The Great Wall, China

 

 

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The Great Wall of China

 

To the northwest and north of Beijing, the Great Wall zigzags it's way to the east and west along the sharp mountain ridges. 

Construction of the Great Wall started in the 7th century B.C. The vassal states under the Zhou Dynasty in the northern parts of the country each built their own walls for defence purposes. After the Qin Dynasty unified China in 221 B.C., the walls were joined to hold off the invaders from the Xiongnu tribes in the north and were extended to more than 5,000 kilometers. 

The Great Wall was renovated from time to time after the Qin Dynasty. A major renovation started with the founding of the Ming Dynasty in 1368, and took 200 years to complete. The wall that is seen today is almost exactly the result of this effort. With a total length of over 6,000 kilometers, it extends to the jiayu Pass in Gansu Province in the west and to the mouth of the Yalu River in Liaoning Province in the east. 

It was during the Ming dynasty (1368-1644) that the Wall took on its present form. The brick and granite work was enlarged and sophisticated designs were added. The watch towers were redesigned and modern canon were mounted in strategic areas. The Portuguese had found a ready market for guns and canon in China, one of the few items of trade that China didn't already have in abundance. The Ming Emperors, having overthrown the Hun dominance and expelled their Mongol rulers of the North devoted large portions of available material and manpower to making sure that they didn't return.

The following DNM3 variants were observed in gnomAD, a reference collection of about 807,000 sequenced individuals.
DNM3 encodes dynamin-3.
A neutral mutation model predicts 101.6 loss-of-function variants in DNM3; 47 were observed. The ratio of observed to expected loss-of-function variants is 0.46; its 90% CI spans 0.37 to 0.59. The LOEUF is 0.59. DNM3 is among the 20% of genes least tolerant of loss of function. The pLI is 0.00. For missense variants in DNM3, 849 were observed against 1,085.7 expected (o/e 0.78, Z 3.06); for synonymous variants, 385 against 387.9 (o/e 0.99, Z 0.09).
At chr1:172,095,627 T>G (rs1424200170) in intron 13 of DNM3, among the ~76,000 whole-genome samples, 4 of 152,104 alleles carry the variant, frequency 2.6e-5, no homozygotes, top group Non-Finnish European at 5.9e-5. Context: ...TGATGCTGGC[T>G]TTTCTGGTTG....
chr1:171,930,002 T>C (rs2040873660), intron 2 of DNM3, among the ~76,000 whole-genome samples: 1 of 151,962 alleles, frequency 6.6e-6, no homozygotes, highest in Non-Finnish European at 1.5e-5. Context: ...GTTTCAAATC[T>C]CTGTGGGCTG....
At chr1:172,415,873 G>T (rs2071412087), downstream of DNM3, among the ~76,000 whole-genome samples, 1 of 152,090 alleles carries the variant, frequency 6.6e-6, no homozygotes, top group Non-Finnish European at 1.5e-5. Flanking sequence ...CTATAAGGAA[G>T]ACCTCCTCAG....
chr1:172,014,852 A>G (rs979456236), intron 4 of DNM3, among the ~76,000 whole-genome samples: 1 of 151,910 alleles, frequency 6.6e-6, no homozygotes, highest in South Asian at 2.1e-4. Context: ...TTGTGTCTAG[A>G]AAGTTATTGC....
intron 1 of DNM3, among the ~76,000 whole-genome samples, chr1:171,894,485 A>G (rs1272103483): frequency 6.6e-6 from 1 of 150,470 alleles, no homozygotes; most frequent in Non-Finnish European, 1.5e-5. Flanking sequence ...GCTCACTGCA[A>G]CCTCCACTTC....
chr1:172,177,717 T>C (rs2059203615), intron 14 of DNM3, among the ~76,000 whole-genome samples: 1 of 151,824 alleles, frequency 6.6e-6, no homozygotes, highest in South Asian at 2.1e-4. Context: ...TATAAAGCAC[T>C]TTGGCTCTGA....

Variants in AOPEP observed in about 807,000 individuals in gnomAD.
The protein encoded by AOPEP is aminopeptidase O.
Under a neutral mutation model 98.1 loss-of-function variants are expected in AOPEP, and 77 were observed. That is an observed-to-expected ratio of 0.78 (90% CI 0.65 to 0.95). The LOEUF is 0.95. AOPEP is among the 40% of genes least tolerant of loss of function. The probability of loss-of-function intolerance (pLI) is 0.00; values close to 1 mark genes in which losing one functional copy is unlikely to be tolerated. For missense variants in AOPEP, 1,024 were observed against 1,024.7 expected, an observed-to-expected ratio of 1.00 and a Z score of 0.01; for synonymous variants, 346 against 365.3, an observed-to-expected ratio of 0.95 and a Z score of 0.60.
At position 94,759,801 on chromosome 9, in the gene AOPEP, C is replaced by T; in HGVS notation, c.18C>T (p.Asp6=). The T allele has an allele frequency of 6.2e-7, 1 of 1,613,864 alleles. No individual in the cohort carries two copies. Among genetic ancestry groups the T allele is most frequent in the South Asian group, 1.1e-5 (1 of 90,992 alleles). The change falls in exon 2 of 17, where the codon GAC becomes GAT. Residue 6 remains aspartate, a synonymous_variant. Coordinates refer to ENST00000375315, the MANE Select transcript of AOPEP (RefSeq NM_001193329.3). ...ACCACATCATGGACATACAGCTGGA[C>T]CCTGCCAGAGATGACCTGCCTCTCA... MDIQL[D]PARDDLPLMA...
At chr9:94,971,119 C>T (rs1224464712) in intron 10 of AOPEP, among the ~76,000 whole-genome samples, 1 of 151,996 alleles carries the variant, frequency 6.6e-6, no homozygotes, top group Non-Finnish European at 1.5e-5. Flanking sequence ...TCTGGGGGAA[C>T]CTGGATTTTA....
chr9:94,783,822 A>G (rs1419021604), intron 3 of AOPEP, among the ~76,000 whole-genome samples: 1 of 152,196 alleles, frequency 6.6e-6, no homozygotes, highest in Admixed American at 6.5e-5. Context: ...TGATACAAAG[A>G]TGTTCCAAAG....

Throughout the centuries, armies were garrisoned along the length of the Wall to provide early warning of invasion and a first line of defense. Great piles of straw and dung used to build signal fires have been found during excavations. There must have been small garrison towns spotted along the length. There weren't many farms or trade towns to provide ease, relaxation and food. The supply trails were over mountains along narrow paths. To bring supplies to the top, ropes were slung over posts set in the Chinese side of the wall and baskets were hauled up hand over hand. Supplies must have always been short and chancy, particularly in the winter.

The Wall served China well. Only when a dynasty weakened from within were invaders from the north able to advance and conquer. Both the Mongols (Yuan Dynasty, 1271-1368) and the Manchurians (Qing Dynasty,1644-1911) were able take power, not because of weakness in the Wall but because of weakness in the government and the poverty of the people. 

Over the past few centuries, the Great Wall has served as a source of building materials for local farms and villages. Aerial photos show that in sections, only the top battlements show -- the center of the wall was filled with sand and silt. The same brutal isolated conditions which made the Great Wall a triumph of engineering and determined planning make the restoration of the wall both problematic and slow.




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